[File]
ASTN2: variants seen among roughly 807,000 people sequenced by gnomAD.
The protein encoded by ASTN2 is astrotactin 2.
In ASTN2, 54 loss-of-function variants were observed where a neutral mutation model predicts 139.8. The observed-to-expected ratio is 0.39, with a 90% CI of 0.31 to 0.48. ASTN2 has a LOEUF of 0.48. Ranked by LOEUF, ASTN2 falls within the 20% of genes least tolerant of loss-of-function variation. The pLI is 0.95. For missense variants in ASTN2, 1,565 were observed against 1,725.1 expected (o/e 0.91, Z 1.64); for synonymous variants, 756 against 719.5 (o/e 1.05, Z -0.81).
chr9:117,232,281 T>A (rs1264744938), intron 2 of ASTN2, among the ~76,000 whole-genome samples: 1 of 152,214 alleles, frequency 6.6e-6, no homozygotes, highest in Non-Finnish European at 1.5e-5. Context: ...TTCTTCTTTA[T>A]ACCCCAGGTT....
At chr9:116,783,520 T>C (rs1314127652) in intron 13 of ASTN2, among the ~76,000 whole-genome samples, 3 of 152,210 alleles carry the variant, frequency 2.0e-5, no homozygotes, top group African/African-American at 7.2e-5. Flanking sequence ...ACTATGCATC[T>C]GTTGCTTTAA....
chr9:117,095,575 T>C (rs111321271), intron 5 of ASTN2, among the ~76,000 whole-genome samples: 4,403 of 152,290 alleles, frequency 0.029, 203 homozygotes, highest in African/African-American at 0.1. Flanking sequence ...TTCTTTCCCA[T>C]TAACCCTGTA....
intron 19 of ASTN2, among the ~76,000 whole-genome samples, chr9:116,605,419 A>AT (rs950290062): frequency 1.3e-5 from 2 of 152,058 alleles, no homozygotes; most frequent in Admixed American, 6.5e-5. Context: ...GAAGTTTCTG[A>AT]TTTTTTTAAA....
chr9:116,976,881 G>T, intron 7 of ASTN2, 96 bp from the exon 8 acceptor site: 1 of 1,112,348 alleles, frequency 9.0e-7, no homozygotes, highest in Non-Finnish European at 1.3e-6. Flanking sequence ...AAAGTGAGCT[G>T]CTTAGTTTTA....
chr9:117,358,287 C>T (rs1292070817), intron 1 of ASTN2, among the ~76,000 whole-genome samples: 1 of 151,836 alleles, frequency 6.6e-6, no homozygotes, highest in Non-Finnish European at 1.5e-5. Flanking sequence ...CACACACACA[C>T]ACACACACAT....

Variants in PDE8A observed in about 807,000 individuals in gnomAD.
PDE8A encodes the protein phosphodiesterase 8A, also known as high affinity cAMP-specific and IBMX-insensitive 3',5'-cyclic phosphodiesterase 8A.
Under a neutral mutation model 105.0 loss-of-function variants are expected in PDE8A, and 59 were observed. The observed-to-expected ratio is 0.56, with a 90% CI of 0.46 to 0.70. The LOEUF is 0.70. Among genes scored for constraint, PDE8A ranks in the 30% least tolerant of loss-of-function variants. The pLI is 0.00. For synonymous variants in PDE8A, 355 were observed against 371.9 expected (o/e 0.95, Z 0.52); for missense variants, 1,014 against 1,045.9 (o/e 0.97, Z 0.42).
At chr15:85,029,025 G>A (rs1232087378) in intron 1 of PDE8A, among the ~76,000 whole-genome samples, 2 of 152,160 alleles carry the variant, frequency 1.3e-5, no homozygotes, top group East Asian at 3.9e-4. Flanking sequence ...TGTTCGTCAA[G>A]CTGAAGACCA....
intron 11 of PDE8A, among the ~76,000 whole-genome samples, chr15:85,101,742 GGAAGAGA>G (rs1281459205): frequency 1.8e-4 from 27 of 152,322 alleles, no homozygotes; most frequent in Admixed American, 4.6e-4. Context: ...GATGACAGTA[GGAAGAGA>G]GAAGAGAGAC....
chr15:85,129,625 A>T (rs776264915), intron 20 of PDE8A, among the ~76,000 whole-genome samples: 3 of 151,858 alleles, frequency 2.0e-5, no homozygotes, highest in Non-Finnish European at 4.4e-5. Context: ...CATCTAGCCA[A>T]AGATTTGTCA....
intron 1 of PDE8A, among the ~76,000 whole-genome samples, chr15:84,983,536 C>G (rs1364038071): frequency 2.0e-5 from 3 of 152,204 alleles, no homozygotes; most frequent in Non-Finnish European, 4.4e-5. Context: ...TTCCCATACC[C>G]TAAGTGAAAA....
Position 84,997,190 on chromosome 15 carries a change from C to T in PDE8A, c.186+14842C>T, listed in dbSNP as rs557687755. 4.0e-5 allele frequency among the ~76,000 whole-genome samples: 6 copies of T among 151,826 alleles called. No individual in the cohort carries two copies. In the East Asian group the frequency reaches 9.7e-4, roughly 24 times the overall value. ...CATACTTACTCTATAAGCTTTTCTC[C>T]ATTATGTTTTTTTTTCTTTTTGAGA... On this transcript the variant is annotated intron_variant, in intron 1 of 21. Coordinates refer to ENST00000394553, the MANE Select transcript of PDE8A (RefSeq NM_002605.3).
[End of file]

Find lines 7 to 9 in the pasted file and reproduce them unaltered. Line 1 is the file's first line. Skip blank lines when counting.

intron 19 of ASTN2, among the ~76,000 whole-genome samples, chr9:116,605,419 A>AT (rs950290062): frequency 1.3e-5 from 2 of 152,058 alleles, no homozygotes; most frequent in Admixed American, 6.5e-5. Context: ...GAAGTTTCTG[A>AT]TTTTTTTAAA....
chr9:116,976,881 G>T, intron 7 of ASTN2, 96 bp from the exon 8 acceptor site: 1 of 1,112,348 alleles, frequency 9.0e-7, no homozygotes, highest in Non-Finnish European at 1.3e-6. Flanking sequence ...AAAGTGAGCT[G>T]CTTAGTTTTA....
chr9:117,358,287 C>T (rs1292070817), intron 1 of ASTN2, among the ~76,000 whole-genome samples: 1 of 151,836 alleles, frequency 6.6e-6, no homozygotes, highest in Non-Finnish European at 1.5e-5. Flanking sequence ...CACACACACA[C>T]ACACACACAT....